Category Archives: Essentials

A collection of articles highlighting noteworthy or interesting games from the libraries of lesser-appreciated, rarer or retro systems, and in specific genres.

SeaBed: What You Leave Behind

I reviewed this visual novel over at Nintendo Life — please go support my work over there, then join me back here to delve into the narrative in more detail!


SeaBed from Paleontology Soft is a kinetic novel that first released in 2015. It was localised for PC two years later, much to the delight of Western yuri fans, and in early 2020, it got released on Nintendo Switch, too.

It is, not to put too fine a point on it, an absolutely masterful work of fiction. It’s peaceful and calming yet melancholy, and the evocative, descriptive writing gives the whole experience a pleasantly mature feeling that is a far cry from noisy, chaotic anime hijinks. Not that there’s anything wrong with noisy, chaotic anime hijinks, mind, but sometimes you just want a bit of quiet contemplation to mull over.

So let’s mull it over together, because there’s a lot to talk about. There are likely to be some spoilers ahead, but I’ll try and keep major ones to a minimum, because you should experience this for yourself!

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Samurai Aces Episode III: Sengoku Cannon – Blasting Goodbye

Samurai Aces Episode III: Sengoku Cannon (“Sengoku Cannon” hereafter) is a game of farewells.

It bids a fond farewell to the Samurai Aces series, which is how Psikyo began as a developer. It waves goodbye to Psikyo’s run of arcade-centric shoot ’em ups, being designed specifically for the PSP platform. And, in some ways, as a title developed by X-Nauts after they took over Psikyo in 2002, it’s something of a sayounara to Psikyo themselves, too.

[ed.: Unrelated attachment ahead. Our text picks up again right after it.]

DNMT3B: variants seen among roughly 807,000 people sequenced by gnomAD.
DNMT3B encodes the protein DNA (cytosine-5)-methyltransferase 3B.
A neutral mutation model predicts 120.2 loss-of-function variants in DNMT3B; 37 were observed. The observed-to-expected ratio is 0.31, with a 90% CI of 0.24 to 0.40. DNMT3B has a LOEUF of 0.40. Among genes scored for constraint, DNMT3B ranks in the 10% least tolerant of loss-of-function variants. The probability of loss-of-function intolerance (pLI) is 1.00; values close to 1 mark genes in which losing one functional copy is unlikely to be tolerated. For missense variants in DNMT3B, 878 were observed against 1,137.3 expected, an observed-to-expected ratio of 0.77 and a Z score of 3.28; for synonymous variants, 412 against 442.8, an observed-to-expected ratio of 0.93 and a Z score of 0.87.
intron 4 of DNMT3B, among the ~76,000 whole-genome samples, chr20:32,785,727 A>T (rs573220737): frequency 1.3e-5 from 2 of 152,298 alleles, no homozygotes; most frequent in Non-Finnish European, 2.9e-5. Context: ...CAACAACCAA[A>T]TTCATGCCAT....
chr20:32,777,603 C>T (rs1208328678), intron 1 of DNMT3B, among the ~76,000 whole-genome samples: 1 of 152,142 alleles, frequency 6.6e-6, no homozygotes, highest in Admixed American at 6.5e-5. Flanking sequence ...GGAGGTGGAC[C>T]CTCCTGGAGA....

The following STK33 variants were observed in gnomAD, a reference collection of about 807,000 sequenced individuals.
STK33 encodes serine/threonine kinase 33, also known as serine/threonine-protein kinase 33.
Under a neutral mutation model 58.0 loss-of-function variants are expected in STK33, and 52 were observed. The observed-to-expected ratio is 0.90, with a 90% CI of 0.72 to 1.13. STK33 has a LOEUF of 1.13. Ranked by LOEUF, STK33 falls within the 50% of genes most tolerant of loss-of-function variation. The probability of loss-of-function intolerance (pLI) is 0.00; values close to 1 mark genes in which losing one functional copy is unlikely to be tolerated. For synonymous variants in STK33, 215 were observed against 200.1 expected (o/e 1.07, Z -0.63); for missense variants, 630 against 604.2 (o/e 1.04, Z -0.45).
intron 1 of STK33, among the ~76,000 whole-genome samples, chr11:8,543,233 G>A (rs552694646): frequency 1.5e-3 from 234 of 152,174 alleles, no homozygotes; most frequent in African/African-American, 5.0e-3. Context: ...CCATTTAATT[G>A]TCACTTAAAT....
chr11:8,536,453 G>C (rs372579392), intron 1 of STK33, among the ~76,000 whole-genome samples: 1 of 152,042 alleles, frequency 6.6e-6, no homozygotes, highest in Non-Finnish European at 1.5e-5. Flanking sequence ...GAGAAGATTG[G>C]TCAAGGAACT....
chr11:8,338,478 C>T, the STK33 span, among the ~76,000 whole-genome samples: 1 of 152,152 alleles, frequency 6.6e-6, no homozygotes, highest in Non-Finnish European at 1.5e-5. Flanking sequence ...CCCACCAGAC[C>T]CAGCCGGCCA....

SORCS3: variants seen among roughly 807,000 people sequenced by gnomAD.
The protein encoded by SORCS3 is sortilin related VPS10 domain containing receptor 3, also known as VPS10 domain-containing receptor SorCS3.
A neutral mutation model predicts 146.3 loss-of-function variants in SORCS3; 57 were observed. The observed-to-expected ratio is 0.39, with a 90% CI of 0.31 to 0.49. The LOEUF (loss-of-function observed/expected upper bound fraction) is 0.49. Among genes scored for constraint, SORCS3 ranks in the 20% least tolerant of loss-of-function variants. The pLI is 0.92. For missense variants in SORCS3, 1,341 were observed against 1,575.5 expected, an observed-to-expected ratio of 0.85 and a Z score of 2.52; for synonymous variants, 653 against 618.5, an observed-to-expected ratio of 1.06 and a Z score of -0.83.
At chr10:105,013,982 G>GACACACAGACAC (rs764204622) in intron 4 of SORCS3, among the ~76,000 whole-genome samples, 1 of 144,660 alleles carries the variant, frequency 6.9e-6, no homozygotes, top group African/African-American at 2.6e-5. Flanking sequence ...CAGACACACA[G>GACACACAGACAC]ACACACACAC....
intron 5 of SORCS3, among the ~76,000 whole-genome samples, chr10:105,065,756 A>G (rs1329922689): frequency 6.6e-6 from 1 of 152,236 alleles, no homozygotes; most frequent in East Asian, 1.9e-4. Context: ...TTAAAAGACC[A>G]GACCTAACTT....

Some of the snobbier shoot ’em up fans out there would also argue that Sengoku Cannon also bids adieu to Psikyo-branded games being “good”, but I’ve actually found quite a lot to like about this curious, clunky shooter. Let’s take a closer look.

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Tengai: The Return of the Samurai Aces

If there’s one thing that becomes clear from looking at Psikyo’s shoot ’em up output over the years, it’s that they love a sequel.

The Strikers 1945 series saw two sequels, for example: one which built on the original formula, and another which transplanted the action into the modern day. They all played fairly similarly to one another in terms of their core mechanics, though each with their own unique features to enjoy.

The Samurai Aces series shook things up a bit more with each new installment. So after the straightforward, no-nonsense, enjoyable fun of the original Samurai Aces, we come to the second episode: Tengai. Let’s take a closer look.

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Samurai Aces: A Strong Debut

It’s always fascinating to see a developer’s first game, because it often represents a combination of the new company’s staff bringing their past experience to the table and an attempt for that new company to truly define themselves as something unique.